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The days may be shorter right now, but darker evenings do not necessarily mean sleep comes more easily. The Centers for Disease Control report that nearly ⅓ of adults report they get less than the recommended seven or more hours each night. While it may seem like sleep is a luxury, getting enough rest can make or break your overall health.
Adults over the age of 60 are especially vulnerable to physical and emotional health consequences caused by lack of sleep, including Type 2 diabetes, stroke, heart disease, and even obesity. Here’s what you need to know about keeping yourself and your aging loved one, as healthy as possible.
How Much Sleep Do Seniors Need?
The Centers for Disease Control recommends seniors over the age of 60 get 7-9 hours of sleep per night. While this number may seem attainable at first glance, sleep disturbances caused by medication side effects, pain, or cognitive decline can make falling asleep and staying asleep difficult for most older adults.
Sleep can be elusive for older adults, especially those living with Alzheimer’s disease or other types of dementia. As the disease progresses, seniors can have trouble regulating their sleep patterns, and their natural circadian rhythm can evaporate. This often translates into too much sleeping during the day and not enough at nighttime. Unfortunately, sleeping too much during the day can cause increased isolation from peers, which leads to the disease progressing even faster. It’s a vicious cycle that begins with the inability to fall asleep and stay asleep during the nighttime hours.
Dangers of Sleep Disruptions
Older adults, whether they have dementia or not, face serious health consequences due to insomnia or other sleep disruptions. In fact, a recent study published in Neurology®, the medical journal of the American Academy of Neurology, found a link between insomnia and stroke, as well as between insomnia and heart attacks. Beyond this recent research, there have also been studies demonstrating a lack of consistent sleep leading to obesity, depression, and even anxiety.
How to Get Enough Sleep
You can prevent health problems by making good sleep habits a priority in your life. You can also encourage the older adults in your life to pick up some habits that lead to better sleep as well. Consider any of the following as you start your quest for better sleep:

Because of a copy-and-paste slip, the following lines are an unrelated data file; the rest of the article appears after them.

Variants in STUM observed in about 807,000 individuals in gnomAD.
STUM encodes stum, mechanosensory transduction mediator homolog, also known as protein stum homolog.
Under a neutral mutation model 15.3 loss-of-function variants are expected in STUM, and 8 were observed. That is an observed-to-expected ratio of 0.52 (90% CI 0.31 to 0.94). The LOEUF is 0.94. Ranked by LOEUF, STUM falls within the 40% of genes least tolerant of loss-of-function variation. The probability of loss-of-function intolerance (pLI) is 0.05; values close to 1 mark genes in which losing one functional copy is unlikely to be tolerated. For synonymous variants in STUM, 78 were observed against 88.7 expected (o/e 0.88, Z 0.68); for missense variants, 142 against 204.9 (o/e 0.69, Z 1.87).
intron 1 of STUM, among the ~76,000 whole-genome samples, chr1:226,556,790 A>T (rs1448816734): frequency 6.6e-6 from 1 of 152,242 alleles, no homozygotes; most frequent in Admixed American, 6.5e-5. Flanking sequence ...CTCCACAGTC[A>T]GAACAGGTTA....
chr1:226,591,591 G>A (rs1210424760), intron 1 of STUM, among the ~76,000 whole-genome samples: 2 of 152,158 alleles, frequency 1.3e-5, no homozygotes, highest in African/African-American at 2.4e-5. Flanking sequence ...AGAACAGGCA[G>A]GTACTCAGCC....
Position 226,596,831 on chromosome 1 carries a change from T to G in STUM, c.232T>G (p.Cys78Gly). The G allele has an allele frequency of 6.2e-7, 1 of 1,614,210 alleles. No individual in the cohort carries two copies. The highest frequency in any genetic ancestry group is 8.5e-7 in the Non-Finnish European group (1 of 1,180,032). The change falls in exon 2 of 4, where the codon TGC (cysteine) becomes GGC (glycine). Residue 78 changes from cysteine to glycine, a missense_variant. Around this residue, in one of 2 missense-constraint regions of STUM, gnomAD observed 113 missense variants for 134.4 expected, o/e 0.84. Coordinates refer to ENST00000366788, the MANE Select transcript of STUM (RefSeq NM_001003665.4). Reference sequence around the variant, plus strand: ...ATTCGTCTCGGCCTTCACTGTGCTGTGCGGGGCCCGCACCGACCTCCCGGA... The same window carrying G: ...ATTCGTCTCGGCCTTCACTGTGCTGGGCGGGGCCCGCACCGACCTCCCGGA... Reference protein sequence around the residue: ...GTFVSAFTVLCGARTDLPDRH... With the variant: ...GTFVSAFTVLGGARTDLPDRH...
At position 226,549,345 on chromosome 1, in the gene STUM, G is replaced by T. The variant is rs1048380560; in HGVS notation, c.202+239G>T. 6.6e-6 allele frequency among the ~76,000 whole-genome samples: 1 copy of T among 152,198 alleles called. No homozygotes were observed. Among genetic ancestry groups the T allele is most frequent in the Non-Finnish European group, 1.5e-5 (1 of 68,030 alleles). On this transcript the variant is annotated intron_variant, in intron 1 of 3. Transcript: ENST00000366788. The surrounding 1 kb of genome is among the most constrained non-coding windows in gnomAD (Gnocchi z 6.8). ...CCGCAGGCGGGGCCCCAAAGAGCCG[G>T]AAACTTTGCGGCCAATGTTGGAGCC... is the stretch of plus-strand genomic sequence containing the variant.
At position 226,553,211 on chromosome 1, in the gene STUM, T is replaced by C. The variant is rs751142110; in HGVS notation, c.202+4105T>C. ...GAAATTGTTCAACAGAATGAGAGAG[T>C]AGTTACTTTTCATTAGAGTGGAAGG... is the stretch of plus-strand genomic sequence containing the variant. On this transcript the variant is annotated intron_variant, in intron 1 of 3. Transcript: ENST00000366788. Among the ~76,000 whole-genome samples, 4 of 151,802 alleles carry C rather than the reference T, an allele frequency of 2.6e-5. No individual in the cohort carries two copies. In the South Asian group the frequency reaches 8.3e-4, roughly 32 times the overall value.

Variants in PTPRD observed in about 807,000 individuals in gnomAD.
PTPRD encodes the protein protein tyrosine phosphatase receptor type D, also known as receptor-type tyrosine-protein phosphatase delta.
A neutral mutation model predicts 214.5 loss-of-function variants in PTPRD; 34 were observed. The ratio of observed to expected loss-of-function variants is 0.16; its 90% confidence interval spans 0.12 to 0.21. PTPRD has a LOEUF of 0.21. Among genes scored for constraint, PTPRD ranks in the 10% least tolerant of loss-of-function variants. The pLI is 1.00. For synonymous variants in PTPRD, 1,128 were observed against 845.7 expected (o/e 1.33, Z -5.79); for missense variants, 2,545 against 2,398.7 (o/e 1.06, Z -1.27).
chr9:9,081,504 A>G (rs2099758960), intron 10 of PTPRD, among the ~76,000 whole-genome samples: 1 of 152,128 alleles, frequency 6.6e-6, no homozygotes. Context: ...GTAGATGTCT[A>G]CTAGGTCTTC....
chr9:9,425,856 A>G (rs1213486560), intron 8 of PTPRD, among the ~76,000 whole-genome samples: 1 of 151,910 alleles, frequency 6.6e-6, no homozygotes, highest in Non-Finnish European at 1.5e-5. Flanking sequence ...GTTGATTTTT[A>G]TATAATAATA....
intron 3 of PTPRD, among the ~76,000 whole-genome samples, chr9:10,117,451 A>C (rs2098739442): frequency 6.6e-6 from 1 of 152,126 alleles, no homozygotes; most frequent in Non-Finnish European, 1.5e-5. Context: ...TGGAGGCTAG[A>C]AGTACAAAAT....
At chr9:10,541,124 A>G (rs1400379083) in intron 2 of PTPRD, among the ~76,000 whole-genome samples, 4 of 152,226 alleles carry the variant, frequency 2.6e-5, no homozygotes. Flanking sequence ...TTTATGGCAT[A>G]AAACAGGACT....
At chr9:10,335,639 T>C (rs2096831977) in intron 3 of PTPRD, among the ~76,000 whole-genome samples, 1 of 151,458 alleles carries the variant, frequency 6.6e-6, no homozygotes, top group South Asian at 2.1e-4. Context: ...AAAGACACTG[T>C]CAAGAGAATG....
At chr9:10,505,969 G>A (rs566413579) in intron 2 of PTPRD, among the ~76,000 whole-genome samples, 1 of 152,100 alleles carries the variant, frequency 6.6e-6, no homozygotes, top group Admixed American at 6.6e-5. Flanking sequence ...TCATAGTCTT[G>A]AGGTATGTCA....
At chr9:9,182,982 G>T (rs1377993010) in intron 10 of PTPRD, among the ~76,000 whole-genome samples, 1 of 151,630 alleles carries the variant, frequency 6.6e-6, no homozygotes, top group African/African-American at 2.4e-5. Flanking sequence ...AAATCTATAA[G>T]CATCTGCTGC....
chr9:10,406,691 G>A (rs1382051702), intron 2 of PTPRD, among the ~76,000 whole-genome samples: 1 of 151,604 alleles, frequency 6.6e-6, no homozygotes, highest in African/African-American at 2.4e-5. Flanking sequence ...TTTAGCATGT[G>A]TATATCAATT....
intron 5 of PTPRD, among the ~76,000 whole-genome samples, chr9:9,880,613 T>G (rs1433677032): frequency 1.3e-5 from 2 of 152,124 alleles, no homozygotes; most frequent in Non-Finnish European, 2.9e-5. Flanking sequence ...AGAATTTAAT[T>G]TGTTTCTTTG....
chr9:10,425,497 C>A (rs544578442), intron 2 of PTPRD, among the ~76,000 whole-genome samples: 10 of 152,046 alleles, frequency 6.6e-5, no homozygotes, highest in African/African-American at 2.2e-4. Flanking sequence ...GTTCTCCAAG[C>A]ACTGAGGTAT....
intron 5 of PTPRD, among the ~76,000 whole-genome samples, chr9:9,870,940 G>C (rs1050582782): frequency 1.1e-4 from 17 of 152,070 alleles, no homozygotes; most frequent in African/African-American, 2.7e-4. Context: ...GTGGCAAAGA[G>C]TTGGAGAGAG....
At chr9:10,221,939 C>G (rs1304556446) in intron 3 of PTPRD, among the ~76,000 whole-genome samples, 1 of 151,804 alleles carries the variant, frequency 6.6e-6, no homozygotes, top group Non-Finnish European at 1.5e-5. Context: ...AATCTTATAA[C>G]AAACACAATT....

Consult your loved one’s physician about their sleep disruptions. Decline sleep medications and instead work with the doctor to review current prescriptions to see if there are any that are contra-indicated or that could prevent steady sleep.
Limit napping during the day. Instead, beat afternoon fatigue with movement. Take a walk around the block, try an online yoga class for seniors, or participate in a group exercise class.
Stick to a routine. Wake up at a consistent time and begin getting ready for bed at a consistent time.
Limit too much television or other screen time beginning a few hours before heading to bed. Try reading or listening to music instead.
Get pain under control, especially if your loved one has breakthrough pain that wakes them up at night. Work with your loved one’s doctor to find a pain reduction regimen that could be more practical for sleeping habits.
For seniors living with dementia, encourage meaningful activity during the day to prevent sleeping and focus on a routinized schedule in the evening hours, which will signal the brain to get ready for sleep.
If your loved one is struggling with consistent sleep, you may need additional support or resources. Call the team at Oasis Senior Advisors. Our team has years of experience working in the greater Milwaukee area aging network. We can direct you to options that are best suited for the senior in your life. Call us today to tell us more about your situation.